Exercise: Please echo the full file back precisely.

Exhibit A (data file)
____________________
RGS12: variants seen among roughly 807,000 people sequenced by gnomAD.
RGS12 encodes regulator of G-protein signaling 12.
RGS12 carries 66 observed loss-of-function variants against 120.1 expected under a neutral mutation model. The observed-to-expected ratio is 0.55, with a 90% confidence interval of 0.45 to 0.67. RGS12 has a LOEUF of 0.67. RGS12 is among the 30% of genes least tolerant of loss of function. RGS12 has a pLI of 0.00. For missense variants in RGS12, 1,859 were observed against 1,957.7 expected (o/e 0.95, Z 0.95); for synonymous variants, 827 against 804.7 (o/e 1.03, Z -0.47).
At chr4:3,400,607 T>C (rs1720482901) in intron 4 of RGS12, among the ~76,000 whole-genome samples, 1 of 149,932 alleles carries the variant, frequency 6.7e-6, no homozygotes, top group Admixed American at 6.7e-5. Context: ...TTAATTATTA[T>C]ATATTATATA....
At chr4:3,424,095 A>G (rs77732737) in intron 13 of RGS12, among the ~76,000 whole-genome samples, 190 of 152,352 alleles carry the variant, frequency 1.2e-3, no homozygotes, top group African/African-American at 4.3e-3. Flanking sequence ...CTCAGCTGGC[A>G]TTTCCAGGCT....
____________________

RGS12: variants seen among roughly 807,000 people sequenced by gnomAD.
RGS12 encodes regulator of G-protein signaling 12.
RGS12 carries 66 observed loss-of-function variants against 120.1 expected under a neutral mutation model. The observed-to-expected ratio is 0.55, with a 90% confidence interval of 0.45 to 0.67. RGS12 has a LOEUF of 0.67. RGS12 is among the 30% of genes least tolerant of loss of function. RGS12 has a pLI of 0.00. For missense variants in RGS12, 1,859 were observed against 1,957.7 expected (o/e 0.95, Z 0.95); for synonymous variants, 827 against 804.7 (o/e 1.03, Z -0.47).
At chr4:3,400,607 T>C (rs1720482901) in intron 4 of RGS12, among the ~76,000 whole-genome samples, 1 of 149,932 alleles carries the variant, frequency 6.7e-6, no homozygotes, top group Admixed American at 6.7e-5. Context: ...TTAATTATTA[T>C]ATATTATATA....
At chr4:3,424,095 A>G (rs77732737) in intron 13 of RGS12, among the ~76,000 whole-genome samples, 190 of 152,352 alleles carry the variant, frequency 1.2e-3, no homozygotes, top group African/African-American at 4.3e-3. Flanking sequence ...CTCAGCTGGC[A>G]TTTCCAGGCT....